The system includes means for projecting a sinusoidal pattern on a surface to be tested. There are means for shifting the pattern in three steps at onequarter period intervals of the sinusoidal pattern and mask means containing the same sinusoidal pattern. There is at least one detector for sensing, through the mask means, the intensity of the radiation from the test surface, and in most applications there is an array of such detectors. There is means for scanning each of the detectors at each step to obtain a signal representative of the level of intensity at each detector. The intensity level so sensed is stored. There are means responsive to the storing means for determining the d.c. spatial frequency amplitude from the sum of the intensity levels derived from the first and third steps and the cosinusoidal spatial frequency amplitude from the difference between those intensities. The sinusoidal spatial frequency amplitude is determined by the difference between the d.c. spatial frequency amplitude and the intensity level derived from the second step.
There are means for combining the sinusoidal and cosinusoidal spatial frequency amplitudes to generate an amplitude representative of the trigonometric function of the phase angle of the sinusoidal pattern projected on the test surface. The height of the surface at each position monitored by a detector is generated from the trigonometric function of the phase angle.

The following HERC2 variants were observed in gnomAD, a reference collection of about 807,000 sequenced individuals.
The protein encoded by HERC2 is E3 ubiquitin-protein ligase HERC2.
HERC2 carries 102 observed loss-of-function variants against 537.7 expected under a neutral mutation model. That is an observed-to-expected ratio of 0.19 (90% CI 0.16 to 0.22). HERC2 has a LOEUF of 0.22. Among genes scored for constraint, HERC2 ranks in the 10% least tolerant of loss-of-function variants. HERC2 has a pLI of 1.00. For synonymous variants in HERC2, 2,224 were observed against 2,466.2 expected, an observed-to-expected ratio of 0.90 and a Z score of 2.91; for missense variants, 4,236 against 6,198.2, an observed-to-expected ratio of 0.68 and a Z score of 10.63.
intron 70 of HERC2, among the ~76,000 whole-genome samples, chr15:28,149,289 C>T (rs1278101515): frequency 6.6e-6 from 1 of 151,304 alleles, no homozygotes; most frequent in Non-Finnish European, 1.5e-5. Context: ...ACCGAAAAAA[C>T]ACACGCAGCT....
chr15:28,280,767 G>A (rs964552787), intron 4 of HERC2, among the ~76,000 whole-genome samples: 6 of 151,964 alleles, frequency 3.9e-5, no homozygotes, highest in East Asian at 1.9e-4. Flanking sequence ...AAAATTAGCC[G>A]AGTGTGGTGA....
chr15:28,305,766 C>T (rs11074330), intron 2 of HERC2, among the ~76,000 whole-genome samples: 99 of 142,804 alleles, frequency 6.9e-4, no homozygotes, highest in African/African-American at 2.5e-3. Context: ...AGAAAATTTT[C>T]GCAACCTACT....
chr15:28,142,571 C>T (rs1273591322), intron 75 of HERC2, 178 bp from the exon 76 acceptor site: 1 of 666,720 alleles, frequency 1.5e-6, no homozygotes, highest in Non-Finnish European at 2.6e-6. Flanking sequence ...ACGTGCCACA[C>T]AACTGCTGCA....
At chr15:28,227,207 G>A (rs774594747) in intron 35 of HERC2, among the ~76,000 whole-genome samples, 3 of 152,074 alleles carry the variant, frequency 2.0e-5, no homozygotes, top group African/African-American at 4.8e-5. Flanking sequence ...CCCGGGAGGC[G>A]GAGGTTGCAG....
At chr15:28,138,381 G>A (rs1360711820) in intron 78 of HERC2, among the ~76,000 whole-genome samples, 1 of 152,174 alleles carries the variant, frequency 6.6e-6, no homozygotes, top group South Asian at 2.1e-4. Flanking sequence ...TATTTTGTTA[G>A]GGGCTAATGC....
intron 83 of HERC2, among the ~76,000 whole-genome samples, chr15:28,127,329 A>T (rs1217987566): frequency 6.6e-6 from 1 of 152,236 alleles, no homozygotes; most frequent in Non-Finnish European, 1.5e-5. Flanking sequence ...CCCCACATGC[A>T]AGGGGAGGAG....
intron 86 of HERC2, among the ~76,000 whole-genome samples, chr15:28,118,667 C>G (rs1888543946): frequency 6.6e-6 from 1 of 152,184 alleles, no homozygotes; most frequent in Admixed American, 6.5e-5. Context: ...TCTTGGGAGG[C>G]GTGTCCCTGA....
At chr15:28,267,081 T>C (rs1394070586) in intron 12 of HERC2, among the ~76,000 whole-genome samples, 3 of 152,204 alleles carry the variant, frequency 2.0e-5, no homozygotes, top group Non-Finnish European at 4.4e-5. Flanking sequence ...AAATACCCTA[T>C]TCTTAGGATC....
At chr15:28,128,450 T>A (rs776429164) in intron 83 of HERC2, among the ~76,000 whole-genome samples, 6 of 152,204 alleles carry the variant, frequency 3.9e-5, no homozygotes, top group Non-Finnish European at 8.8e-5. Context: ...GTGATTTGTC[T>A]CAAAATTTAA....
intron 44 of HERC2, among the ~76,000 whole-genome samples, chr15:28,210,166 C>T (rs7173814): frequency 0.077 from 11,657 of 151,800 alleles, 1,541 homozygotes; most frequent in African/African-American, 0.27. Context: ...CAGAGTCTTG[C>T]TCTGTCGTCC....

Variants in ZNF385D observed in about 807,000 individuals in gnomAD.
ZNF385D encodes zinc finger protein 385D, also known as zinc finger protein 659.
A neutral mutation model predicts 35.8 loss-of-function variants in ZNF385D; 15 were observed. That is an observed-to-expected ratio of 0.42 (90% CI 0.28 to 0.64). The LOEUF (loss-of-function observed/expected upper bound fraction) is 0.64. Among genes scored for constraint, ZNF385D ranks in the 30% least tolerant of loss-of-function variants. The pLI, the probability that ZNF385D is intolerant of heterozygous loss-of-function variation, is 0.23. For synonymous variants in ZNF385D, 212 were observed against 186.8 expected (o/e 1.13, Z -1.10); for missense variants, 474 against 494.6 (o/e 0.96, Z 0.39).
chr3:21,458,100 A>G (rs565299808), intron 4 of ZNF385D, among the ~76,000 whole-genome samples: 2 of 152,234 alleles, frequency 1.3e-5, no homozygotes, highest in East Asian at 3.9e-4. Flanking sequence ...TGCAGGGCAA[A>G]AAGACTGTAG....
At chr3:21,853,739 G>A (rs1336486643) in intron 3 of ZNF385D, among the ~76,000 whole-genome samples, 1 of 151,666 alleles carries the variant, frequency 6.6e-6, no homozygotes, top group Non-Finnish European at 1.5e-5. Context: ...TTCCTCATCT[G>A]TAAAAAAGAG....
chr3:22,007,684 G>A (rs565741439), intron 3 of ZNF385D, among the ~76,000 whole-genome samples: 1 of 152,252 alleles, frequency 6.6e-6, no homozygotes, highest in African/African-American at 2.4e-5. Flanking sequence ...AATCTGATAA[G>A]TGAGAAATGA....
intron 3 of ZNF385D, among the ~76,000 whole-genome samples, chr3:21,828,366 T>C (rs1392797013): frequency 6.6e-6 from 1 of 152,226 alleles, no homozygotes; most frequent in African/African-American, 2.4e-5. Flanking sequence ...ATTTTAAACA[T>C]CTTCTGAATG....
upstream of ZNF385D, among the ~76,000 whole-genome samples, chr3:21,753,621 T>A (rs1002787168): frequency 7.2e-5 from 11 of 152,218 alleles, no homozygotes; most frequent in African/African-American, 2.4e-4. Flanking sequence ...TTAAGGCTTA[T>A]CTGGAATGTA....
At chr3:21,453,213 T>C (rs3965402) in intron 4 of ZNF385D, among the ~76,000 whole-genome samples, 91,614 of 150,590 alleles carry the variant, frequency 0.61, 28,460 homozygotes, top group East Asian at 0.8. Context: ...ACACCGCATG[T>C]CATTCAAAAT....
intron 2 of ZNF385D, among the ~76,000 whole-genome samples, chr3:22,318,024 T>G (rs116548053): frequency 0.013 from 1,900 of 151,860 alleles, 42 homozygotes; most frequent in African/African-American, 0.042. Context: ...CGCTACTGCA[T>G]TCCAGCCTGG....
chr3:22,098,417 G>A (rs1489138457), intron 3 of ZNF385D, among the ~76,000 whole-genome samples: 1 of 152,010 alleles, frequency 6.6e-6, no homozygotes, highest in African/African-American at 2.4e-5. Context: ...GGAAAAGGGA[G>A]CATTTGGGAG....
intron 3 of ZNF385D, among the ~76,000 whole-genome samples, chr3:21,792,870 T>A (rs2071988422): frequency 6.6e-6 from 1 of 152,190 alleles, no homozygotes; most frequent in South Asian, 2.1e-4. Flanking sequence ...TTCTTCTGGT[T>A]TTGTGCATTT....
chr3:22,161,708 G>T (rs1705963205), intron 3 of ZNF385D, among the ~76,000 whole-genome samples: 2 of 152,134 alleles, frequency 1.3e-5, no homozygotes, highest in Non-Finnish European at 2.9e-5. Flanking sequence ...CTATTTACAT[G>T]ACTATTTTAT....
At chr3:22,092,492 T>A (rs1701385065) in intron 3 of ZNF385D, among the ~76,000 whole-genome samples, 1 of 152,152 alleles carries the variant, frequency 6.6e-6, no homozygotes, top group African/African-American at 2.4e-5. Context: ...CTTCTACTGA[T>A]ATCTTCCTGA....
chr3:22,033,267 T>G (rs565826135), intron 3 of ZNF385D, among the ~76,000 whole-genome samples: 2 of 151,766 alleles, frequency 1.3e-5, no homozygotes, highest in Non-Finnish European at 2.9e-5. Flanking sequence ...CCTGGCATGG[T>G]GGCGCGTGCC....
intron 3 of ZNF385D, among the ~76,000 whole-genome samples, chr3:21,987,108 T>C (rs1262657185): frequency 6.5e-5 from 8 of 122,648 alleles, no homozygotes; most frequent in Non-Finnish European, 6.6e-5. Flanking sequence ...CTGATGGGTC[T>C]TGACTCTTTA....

The sign of the phase angle or elevation difference may be determined by comparing the d.c. amplitude to twice the intensity level at the second step and indicating that the sign is positive when the d.c. amplitude is greater, and negative when it is smaller, than the intensity level at the second step.
Other objects, features and advantages will occur from the following description of a preferred embodiment and the accompanying drawings, in which:
FIG. 1 is a simplified block diagram of a surface contouring system according to this invention;
FIG. 2 is a more detailed schematic diagram of the pattern projecting unit, detector circuit and portions of the pattern shifting control of FIG. 1;
FIG. 2A is a diagram of an alternative pattern projecting unit and pattern shifting control;
FIG. 3 is a more detailed block diagram of the scanning circuit and pattern shifting control of FIG. 1;
FIG. 4 is a more detailed block diagram of the storage circuit of FIG. 1;
FIG. 5 is a more detailed block diagram of the arithmetic circuit of FIG. 1;
FIG. 6 is a block diagram of an alternative arithmetic circuit;
FIG. 7 is a more detailed block diagram of a multifunction implementation of the trigonometric function generator of FIG. 1;
FIG. 8 is a more detailed block diagram of an implementation of the calculator circuit of FIG. 1; and
FIG. 9 is a flow chart showing the simplified method of this invention.
The invention may be accomplished by projecting a sinusoidal pattern on a surface to be tested. Some means is necessary for shifting the pattern relative to the test surface. The pattern is shifted in three discrete steps at onequarter period intervals of the pattern: the first or zero step; the second step at a onequarter period (90°) interval from the first step; and a third step at an additional onequarter period interval and a half period (180°) from the first. There is a mask provided which contains the same sinusoidal pattern.